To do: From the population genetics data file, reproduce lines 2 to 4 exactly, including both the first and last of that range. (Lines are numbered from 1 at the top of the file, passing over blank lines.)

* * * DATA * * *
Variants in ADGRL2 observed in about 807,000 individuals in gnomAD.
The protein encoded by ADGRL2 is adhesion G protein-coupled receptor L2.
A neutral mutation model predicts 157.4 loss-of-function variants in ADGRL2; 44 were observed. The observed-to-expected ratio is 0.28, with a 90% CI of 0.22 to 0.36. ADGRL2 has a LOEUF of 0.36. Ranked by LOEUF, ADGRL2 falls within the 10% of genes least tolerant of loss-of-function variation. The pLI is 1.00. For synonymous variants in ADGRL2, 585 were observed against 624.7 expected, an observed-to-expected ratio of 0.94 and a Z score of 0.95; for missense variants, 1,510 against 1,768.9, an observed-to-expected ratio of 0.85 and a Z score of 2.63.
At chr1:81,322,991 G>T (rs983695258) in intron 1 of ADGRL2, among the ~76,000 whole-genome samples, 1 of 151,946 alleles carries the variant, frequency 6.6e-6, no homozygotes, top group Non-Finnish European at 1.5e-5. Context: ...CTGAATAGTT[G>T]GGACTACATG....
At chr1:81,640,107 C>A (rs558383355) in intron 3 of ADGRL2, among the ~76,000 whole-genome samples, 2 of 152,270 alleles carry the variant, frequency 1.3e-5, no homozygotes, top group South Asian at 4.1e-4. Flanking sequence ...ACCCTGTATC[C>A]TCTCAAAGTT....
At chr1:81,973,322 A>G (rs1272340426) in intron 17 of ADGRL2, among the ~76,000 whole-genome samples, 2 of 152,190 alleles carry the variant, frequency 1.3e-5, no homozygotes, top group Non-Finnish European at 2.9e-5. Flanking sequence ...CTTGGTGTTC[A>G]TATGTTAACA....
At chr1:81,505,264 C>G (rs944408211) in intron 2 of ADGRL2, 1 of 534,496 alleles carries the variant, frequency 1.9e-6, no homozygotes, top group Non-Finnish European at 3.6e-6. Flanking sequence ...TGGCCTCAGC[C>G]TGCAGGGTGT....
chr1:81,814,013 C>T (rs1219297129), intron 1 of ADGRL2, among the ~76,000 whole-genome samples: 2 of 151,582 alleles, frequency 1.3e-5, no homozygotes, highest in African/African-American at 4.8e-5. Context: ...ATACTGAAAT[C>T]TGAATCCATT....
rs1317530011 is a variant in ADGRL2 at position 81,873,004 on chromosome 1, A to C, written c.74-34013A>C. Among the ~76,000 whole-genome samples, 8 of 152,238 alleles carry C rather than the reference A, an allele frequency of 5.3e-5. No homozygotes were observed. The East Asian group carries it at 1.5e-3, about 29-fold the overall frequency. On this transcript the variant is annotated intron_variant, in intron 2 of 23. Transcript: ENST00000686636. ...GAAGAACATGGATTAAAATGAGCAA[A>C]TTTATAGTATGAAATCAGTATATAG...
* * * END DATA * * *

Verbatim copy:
The protein encoded by ADGRL2 is adhesion G protein-coupled receptor L2.
A neutral mutation model predicts 157.4 loss-of-function variants in ADGRL2; 44 were observed. The observed-to-expected ratio is 0.28, with a 90% CI of 0.22 to 0.36. ADGRL2 has a LOEUF of 0.36. Ranked by LOEUF, ADGRL2 falls within the 10% of genes least tolerant of loss-of-function variation. The pLI is 1.00. For synonymous variants in ADGRL2, 585 were observed against 624.7 expected, an observed-to-expected ratio of 0.94 and a Z score of 0.95; for missense variants, 1,510 against 1,768.9, an observed-to-expected ratio of 0.85 and a Z score of 2.63.
At chr1:81,322,991 G>T (rs983695258) in intron 1 of ADGRL2, among the ~76,000 whole-genome samples, 1 of 151,946 alleles carries the variant, frequency 6.6e-6, no homozygotes, top group Non-Finnish European at 1.5e-5. Context: ...CTGAATAGTT[G>T]GGACTACATG....